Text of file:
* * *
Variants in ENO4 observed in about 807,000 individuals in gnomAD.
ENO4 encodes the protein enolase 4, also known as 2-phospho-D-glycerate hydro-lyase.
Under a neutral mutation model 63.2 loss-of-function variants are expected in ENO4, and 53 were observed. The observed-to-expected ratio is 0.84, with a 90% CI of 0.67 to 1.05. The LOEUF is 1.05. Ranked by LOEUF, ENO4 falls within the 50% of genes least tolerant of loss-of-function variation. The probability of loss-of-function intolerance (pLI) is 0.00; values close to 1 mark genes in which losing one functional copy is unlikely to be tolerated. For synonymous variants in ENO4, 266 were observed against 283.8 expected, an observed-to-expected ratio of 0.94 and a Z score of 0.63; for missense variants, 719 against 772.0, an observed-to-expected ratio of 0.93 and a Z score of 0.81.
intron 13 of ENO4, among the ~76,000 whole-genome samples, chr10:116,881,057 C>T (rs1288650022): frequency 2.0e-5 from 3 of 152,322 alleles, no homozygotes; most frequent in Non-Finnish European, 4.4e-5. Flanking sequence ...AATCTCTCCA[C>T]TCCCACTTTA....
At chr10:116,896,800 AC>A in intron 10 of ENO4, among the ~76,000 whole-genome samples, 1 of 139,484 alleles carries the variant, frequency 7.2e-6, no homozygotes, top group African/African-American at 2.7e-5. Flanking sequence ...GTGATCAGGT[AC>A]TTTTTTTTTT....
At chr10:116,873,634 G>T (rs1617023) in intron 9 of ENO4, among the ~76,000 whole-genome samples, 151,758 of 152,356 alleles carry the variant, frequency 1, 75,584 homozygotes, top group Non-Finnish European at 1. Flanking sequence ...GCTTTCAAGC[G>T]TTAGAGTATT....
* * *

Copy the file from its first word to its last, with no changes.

Variants in ENO4 observed in about 807,000 individuals in gnomAD.
ENO4 encodes the protein enolase 4, also known as 2-phospho-D-glycerate hydro-lyase.
Under a neutral mutation model 63.2 loss-of-function variants are expected in ENO4, and 53 were observed. The observed-to-expected ratio is 0.84, with a 90% CI of 0.67 to 1.05. The LOEUF is 1.05. Ranked by LOEUF, ENO4 falls within the 50% of genes least tolerant of loss-of-function variation. The probability of loss-of-function intolerance (pLI) is 0.00; values close to 1 mark genes in which losing one functional copy is unlikely to be tolerated. For synonymous variants in ENO4, 266 were observed against 283.8 expected, an observed-to-expected ratio of 0.94 and a Z score of 0.63; for missense variants, 719 against 772.0, an observed-to-expected ratio of 0.93 and a Z score of 0.81.
intron 13 of ENO4, among the ~76,000 whole-genome samples, chr10:116,881,057 C>T (rs1288650022): frequency 2.0e-5 from 3 of 152,322 alleles, no homozygotes; most frequent in Non-Finnish European, 4.4e-5. Flanking sequence ...AATCTCTCCA[C>T]TCCCACTTTA....
At chr10:116,896,800 AC>A in intron 10 of ENO4, among the ~76,000 whole-genome samples, 1 of 139,484 alleles carries the variant, frequency 7.2e-6, no homozygotes, top group African/African-American at 2.7e-5. Flanking sequence ...GTGATCAGGT[AC>A]TTTTTTTTTT....
At chr10:116,873,634 G>T (rs1617023) in intron 9 of ENO4, among the ~76,000 whole-genome samples, 151,758 of 152,356 alleles carry the variant, frequency 1, 75,584 homozygotes, top group Non-Finnish European at 1. Flanking sequence ...GCTTTCAAGC[G>T]TTAGAGTATT....